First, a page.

Editor's Note: Dave Schechter is CNN's Senior National Editor and will be doing a series of blogs on education in the coming weeks.
CNN Senior National Editor
There’s a lot important happening in education – ranging from school districts coping with budget shortfalls to the creation of a national set of curriculum standards to new ways of teaching math – and I plan to write about these developments in the weeks before most children resume school in August and September.
But while researching the serious stuff my mind detoured to movies with education themes. So, let’s have some fun. Here are a dozen of my favorites:
Blackboard Jungle: (1955) Glenn Ford struggles to maintain control as a new teacher in a difficult urban school.
Teacher’s Pet: (1958) I started in newspapers, so I’m a sucker for Clark Gable as the grizzled editor and Doris Day as the journalism teacher he tries to show up and then charm.
To Sir With Love: (1967) Sidney Poitier as a teacher determined that his students become more than just bricks in a wall.
The Paper Chase: (1973) John Houseman as the intimidating Professor Kingsfield, who insists that his students study law the old fashioned way.
The Breakfast Club: (1985) A brain, an athlete, a basket case, a princess and a criminal learn the others are more than they appear.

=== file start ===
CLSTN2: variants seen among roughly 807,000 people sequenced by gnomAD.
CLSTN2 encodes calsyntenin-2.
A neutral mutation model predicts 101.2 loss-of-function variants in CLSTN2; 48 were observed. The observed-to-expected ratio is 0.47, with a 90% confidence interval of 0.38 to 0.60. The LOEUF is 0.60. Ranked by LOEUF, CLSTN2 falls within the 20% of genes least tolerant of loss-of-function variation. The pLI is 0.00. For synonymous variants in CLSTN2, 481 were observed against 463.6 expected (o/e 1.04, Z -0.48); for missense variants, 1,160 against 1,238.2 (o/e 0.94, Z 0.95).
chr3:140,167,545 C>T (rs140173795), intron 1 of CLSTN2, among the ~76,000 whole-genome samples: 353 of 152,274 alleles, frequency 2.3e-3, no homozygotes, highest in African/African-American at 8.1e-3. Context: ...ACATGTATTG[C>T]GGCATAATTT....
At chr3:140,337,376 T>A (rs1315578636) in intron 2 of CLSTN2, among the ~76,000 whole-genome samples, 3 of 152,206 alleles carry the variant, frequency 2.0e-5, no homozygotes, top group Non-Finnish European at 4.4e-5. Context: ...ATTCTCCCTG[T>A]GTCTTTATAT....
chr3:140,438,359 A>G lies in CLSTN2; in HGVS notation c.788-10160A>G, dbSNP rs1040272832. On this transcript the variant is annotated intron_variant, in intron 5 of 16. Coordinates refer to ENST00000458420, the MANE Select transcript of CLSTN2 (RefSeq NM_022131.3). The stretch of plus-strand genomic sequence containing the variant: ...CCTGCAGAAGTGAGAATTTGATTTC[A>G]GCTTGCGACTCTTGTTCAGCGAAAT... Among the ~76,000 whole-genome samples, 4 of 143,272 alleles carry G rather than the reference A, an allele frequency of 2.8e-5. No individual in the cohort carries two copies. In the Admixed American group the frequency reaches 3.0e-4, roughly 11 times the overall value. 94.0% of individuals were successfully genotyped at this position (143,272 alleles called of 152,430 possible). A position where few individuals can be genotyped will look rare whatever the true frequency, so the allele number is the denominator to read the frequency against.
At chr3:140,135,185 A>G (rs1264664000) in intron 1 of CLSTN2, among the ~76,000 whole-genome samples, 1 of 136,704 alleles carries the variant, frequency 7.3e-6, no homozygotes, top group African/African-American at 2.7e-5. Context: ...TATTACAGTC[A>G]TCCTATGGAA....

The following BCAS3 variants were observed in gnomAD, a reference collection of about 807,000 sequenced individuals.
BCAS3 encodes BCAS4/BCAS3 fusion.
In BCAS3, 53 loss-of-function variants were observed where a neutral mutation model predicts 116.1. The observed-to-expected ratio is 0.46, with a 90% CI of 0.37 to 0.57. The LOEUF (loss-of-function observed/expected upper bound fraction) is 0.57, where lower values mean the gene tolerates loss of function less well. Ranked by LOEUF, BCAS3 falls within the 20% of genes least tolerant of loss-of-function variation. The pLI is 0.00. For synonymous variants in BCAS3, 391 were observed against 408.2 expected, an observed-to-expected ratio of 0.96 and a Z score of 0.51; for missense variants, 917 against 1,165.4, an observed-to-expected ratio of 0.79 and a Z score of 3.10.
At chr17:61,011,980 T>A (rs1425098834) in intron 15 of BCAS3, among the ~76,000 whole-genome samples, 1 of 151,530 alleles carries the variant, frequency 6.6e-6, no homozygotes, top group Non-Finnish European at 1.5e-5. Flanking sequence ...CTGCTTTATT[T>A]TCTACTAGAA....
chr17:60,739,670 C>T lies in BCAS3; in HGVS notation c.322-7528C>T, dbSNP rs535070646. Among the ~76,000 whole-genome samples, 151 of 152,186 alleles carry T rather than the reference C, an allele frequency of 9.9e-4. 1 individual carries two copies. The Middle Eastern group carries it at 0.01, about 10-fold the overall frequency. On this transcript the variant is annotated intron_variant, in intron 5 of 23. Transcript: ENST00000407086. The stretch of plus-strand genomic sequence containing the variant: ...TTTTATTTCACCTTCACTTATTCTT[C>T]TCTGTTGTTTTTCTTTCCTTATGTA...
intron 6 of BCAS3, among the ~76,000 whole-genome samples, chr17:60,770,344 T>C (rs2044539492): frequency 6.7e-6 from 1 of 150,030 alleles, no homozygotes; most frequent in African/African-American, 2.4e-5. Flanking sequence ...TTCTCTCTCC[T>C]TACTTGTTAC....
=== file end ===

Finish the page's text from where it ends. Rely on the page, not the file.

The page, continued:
Pleasantville: (1988) When you view the world in black-and-white, there may be blank pages in your education.
Stand and Deliver: (1988) Edward James Olmos’ portrayal of math teacher Jaime Escalante’s efforts to win respect for the achievement of his Latino students.
Dead Poets Society: (1989) Robin Williams as a boarding school teacher struggling to break through conformity by seizing the day.
Bill & Ted’s Excellent Adventure: (1989) History doesn’t have to be boring, especially if you have a phone booth time machine.
Matilda: (1996) If you have children, you’ve watched the tale of the smart little girl . . . more than once.
October Sky: (1999) The “based on a real story” tale of a teacher who helped launch a boy’s dream skyward instead of it being buried in a mine.
Finding Forrester: (2000) In and out of the classroom, the lesson is not to judge books by their covers.
I’ve left off a lot of popular films so chime in with your choices.
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